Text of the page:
Energy and environmental programs, corporate taxes, increases to the IRS budget to strengthen tax enforcement, and a renewal of soon-to-expire federal subsidies for people purchasing health insurance under the President Barack Obama’s health care is also under discussion, according to aides.
It is unclear what will come out of the talks. The aides described the latest proposals and the status of the negotiations only on condition of anonymity because they were not authorized to release the information by name.
The suggestions for progress emerged seven months after Manchin derailed a roughly $2 trillion 10-year social and environmental bill, dealing a blow to a cornerstone of Biden’s domestic agenda.
The Democratic-led House approved the measure in November, but Manchin abruptly announced that he could not support the legislation because of its cost and fears it would fuel inflation. Similar provisions lowering the prices of pharmaceuticals and increasing taxes for certain high-income people were included in this bill.
The West Virginian’s support remains crucial in the 50-50 Senate. Democrats are using special procedures that would allow them to pass the streamlined package over the expected unanimous opposition from the GOP with the deciding vote of Vice President Kamala Harris.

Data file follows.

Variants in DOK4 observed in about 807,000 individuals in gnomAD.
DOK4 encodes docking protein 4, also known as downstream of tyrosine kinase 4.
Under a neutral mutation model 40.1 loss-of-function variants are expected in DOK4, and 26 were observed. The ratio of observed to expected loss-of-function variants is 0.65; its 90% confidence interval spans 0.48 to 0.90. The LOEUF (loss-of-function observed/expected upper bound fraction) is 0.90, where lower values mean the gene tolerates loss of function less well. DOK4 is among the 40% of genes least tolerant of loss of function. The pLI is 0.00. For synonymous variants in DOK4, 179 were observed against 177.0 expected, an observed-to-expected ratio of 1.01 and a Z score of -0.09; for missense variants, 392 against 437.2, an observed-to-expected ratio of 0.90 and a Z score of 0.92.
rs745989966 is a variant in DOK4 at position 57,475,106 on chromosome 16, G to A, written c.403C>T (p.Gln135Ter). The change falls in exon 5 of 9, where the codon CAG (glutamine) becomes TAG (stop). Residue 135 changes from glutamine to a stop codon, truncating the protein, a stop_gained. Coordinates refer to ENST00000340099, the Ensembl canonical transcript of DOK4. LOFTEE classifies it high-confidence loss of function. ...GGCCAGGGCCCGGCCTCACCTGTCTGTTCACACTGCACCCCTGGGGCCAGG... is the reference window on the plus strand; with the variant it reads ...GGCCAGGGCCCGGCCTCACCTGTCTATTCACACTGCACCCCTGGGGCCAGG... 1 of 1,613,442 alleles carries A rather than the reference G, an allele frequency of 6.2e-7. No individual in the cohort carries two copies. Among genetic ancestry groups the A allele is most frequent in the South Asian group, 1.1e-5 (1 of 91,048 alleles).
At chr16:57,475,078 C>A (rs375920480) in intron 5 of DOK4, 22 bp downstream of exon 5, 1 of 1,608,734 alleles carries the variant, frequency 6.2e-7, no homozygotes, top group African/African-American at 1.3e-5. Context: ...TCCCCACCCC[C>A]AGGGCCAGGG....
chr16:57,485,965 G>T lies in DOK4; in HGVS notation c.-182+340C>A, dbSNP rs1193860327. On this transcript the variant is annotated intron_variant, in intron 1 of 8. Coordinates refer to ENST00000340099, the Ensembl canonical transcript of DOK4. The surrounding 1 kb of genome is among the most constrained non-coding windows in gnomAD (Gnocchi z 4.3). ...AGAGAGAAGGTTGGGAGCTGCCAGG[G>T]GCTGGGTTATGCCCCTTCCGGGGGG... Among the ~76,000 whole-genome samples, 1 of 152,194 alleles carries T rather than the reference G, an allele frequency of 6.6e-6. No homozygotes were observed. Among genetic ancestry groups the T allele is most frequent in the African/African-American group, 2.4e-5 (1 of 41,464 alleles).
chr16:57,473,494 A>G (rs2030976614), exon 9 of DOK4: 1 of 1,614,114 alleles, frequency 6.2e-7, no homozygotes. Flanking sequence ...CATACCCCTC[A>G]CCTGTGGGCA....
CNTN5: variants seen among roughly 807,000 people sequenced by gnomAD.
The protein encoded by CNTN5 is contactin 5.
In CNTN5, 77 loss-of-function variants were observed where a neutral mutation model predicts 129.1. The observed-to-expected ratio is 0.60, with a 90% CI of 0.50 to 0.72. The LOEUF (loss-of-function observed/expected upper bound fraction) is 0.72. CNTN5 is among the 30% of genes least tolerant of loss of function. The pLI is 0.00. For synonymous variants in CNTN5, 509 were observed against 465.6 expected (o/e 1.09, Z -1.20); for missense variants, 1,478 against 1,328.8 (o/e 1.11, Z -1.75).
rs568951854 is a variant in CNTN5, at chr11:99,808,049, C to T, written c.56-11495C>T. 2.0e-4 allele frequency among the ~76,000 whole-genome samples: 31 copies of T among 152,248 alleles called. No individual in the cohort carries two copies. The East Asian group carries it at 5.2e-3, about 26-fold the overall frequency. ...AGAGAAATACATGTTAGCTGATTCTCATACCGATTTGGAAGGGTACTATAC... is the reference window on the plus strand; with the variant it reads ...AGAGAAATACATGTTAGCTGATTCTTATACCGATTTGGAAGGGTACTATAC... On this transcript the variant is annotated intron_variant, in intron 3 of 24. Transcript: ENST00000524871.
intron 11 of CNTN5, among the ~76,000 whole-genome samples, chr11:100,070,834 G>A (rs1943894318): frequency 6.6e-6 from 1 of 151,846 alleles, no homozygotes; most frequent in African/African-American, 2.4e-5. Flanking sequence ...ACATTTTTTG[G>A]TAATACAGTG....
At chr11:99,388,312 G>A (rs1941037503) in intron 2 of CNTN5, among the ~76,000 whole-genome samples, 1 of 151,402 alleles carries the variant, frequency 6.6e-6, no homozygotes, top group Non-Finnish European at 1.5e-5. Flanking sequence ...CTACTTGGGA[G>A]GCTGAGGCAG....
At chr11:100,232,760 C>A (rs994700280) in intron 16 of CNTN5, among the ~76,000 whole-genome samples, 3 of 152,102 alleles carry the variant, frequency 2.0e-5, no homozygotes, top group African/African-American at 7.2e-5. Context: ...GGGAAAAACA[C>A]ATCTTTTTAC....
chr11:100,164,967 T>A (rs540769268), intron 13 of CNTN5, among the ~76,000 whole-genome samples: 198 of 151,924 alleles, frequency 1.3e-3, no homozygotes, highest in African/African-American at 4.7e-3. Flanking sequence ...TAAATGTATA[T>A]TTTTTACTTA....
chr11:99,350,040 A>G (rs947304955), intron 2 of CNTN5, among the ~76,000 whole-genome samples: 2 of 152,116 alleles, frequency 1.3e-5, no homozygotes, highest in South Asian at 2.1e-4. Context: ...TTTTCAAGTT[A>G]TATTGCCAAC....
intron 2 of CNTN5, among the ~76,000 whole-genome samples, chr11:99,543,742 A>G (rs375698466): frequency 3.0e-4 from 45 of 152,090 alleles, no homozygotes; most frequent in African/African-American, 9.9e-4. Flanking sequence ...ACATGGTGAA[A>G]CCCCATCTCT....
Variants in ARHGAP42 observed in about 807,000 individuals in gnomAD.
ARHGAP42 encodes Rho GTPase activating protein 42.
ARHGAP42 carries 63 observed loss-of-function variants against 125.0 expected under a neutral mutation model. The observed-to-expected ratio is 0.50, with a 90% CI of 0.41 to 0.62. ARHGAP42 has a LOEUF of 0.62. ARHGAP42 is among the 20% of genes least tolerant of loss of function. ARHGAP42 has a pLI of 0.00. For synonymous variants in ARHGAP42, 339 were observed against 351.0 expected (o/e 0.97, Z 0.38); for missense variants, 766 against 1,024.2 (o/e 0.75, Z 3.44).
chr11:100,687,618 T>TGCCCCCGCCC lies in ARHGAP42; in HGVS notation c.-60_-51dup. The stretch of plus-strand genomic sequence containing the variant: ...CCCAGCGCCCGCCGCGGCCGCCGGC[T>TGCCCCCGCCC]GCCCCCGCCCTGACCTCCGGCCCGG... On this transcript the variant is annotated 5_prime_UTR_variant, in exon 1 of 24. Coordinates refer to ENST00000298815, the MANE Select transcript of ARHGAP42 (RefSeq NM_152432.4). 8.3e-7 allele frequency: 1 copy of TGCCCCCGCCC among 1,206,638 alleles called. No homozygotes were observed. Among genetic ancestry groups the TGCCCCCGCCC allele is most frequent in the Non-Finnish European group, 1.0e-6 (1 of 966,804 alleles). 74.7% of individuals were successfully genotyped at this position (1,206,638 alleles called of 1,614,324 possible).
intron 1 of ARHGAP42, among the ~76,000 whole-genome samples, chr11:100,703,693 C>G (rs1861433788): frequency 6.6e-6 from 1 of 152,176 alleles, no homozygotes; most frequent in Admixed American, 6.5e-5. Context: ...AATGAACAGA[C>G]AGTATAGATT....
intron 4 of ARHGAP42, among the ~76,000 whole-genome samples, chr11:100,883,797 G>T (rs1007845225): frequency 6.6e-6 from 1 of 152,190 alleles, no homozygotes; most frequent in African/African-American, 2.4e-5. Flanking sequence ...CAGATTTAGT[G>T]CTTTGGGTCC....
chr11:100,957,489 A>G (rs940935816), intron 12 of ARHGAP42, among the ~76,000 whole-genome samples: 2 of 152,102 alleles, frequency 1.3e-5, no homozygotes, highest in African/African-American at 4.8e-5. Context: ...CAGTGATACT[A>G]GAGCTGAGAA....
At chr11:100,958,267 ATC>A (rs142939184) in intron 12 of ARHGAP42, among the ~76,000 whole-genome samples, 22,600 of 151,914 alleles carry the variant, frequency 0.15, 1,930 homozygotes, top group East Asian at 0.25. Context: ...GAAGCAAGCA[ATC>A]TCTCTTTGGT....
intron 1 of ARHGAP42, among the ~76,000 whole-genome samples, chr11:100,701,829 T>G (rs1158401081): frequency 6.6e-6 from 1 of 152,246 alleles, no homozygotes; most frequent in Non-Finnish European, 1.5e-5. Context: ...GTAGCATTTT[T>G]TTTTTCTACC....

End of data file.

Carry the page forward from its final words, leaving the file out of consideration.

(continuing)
Democrats should unanimously support Medicare’s solvency and prescription drug plans, a Democratic aide said.
“Medicare is a lifeline for millions of America’s seniors, and Senator Manchin has always supported pathways to ensure it remains solvent. He remains optimistic that there is a pathway to get there” , said his spokesman Sam Runyon.
Senate Congresswoman Elizabeth MacDonough will have to certify that the provisions of the new bill meet the budget rules of the chamber. Last year, she ruled that language making it easier for immigrants to stay in the United States should be removed because it violated prohibitions on using special procedures to pass major policy changes.
Medicare has 64 million beneficiaries. Its trust fund covering hospital services, called Part A, is funded largely by taxes deducted from people’s paychecks.
This trust fund gained two years of solvency, through 2028, in last month’s report from the program’s board. He attributed the improvement to the economy’s recovery from the recession sparked by the coronavirus pandemic.
But Medicare and Social Security face long-term funding challenges, and administrators suggested lawmakers act “as soon as possible” to bolster them. Without congressional action, the Medicare hospital trust fund would only be able to pay 90% of its costs in 2028 and less thereafter, administrators said.
The proposal to raise taxes on some wealthier Americans would raise $203 billion over the next decade, according to AP-reviewed information that the Congressional Joint Committee on Taxation provided to Senate Democrats. Federal actuaries told Democrats that such funding would delay the trust fund deficit until 2031, according to another document.